Stars: Kristine Kujath Thorp, Rolf Kristian Larsen, Anders Baasmo, Bjørn Floberg, Anneke von der Lippe, Ane Skumsvoll, Cengiz Al, Nils Elias Olsen | Written by Harald Rosenløw-Eeg Lars Gudmestad | Directed by John Andreas Andersen
The Burning Sea is a Norwegian film with an interesting, albeit depressing conceit…
In 1969, the Norwegian government announces their discovery of one of the world’s largest oil fields in the neighbouring North Sea, launching a prosperous period of offshore drilling. Fifty years later, the environmental consequences begin to manifest – a crack has opened on the ocean floor, causing a rig to collapse. A team of researchers, including submarine operator Sofia (Kristine Kujath Thorp), rushes in to search for the missing and assess the cause of the damage. But what they discover is that this is just the start of a possible apocalyptic catastrophe. As rigs are evacuated, Sofia’s partner Stian (Henrik Bjelland) becomes trapped in the depths of the sea, leaving Sofia to come to his rescue.
We are introduced to a couple and their lovely life by the sea. They have good jobs, nice friends, and BBQs on the beach. Life is good. Sofia likes her boyfriend but doesn’t want to go to the trouble of committing to him. He works on an oil rig, and she is someone whose job is to deal with “sensitive underwater situations”. That comes in handy, later.
The Burning Sea is effectively a disaster movie, where drilling for oil feels like a Lovecraftian protagonist reading the Necronomicon or some greedy dwarves digging too deeply and finding a Balrog.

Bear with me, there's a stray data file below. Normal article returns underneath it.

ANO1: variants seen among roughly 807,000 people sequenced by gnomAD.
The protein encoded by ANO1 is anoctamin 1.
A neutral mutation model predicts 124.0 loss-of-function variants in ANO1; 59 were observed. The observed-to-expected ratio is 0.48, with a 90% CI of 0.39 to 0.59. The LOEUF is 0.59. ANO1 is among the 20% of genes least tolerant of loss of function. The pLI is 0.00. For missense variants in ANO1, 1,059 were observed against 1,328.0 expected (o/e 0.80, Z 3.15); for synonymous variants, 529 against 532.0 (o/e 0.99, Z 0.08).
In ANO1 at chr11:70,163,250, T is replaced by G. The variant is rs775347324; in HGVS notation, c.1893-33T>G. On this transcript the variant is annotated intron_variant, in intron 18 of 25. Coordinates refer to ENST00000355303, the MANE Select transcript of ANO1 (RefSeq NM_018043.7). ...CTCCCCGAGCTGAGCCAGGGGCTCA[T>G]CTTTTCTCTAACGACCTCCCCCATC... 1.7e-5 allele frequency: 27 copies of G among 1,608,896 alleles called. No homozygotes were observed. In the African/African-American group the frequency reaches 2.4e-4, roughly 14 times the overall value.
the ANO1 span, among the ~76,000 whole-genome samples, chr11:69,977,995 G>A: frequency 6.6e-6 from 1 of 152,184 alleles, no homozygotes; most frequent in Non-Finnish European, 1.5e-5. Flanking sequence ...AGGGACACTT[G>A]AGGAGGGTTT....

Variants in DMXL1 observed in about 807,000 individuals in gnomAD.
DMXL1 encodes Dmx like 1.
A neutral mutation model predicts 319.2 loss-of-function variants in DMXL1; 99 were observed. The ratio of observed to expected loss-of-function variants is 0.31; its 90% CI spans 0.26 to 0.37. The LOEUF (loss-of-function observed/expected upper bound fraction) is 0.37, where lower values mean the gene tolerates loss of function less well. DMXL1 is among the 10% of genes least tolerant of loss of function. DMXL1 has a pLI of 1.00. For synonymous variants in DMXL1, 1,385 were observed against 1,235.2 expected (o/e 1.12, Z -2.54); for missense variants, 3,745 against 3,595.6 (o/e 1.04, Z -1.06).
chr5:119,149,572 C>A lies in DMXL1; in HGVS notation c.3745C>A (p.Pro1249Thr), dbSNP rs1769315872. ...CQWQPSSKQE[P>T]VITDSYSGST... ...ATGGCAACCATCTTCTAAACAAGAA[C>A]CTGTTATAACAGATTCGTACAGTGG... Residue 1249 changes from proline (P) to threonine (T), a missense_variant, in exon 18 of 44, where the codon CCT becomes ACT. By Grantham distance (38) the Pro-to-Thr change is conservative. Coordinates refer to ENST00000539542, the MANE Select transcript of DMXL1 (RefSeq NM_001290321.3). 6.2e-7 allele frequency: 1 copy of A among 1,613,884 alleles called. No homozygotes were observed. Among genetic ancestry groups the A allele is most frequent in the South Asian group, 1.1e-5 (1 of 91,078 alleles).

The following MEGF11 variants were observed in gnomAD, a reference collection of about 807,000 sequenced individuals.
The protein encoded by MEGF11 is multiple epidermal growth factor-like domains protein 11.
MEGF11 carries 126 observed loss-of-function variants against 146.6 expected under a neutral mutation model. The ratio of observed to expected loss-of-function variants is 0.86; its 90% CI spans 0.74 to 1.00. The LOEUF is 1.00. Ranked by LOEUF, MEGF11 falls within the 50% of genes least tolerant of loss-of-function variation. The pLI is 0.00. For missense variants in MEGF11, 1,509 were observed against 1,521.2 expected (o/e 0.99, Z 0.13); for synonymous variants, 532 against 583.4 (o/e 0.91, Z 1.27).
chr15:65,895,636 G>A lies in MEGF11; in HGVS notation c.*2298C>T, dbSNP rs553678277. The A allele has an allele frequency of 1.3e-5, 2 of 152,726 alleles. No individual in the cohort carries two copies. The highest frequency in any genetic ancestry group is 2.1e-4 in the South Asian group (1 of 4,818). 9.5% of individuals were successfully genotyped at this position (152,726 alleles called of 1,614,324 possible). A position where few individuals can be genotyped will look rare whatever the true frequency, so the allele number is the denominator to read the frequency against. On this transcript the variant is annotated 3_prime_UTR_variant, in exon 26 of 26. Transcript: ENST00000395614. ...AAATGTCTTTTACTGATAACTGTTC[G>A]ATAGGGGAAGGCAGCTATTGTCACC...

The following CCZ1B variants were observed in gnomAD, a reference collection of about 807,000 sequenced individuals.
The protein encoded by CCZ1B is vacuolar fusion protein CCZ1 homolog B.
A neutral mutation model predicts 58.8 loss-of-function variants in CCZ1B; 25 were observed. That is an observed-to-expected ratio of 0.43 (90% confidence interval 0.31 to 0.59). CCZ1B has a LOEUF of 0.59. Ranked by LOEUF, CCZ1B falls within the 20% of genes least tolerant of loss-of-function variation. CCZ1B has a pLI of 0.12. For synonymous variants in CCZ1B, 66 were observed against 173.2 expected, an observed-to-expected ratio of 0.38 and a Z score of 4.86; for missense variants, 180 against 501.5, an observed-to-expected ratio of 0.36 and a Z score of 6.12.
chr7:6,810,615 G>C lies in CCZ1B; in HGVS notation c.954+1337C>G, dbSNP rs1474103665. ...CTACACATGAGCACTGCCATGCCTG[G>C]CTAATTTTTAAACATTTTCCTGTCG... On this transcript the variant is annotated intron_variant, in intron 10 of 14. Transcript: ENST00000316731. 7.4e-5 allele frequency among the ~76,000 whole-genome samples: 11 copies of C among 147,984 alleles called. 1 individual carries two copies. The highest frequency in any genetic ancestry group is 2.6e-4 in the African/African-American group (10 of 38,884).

As our two young heroes are nursing hangovers, after a BBQ, beers and running, naked into the ocean, we get a call that there has been an accident. The Balrog has been unearthed. The non-disclosure agreement is signed. Our heroes are on the helicopter. The executive they speak to is called William Lie. Which doesn’t bode well.
Drilling has opened a hole in the planet, and people are stuck below.
Can Sofia overcome disaster, AND the awful executives to save the guy she can’t quite bring herself to move in with? It sounds like I am being sarcastic, as I type this. But the film is actually very good.
The film is well made, well-lit and well-acted. The plot is interesting, and it doesn’t attempt anything it shouldn’t, given the budget. I would go as far as to say, some of the visual effects are spectacular (rather than “embarrassing”, often the cases with little films that overreach themselves).
The Burning Sea also reminds me of the Russian, anti-imperial horror Superdeep. People are going down, somewhere unnatural, somewhere they have no place being. Albeit, Superdeep also features bonkers Carpenter-esque body horror. The film asked the question. Is Norway an “Oil Country” and concludes that, no, it is an ocean country. Which makes sense. It also had me asking the question. In millions of years’ time, will there be some race, pumping the ancient, pressurised remains of humans to fuel their cars? What would be the tragedy that befalls us? And will it be of our own making?
Produced by the Norwegian team who made The Quake and The Wave, The Burning Sea is released digitally on May 30th.
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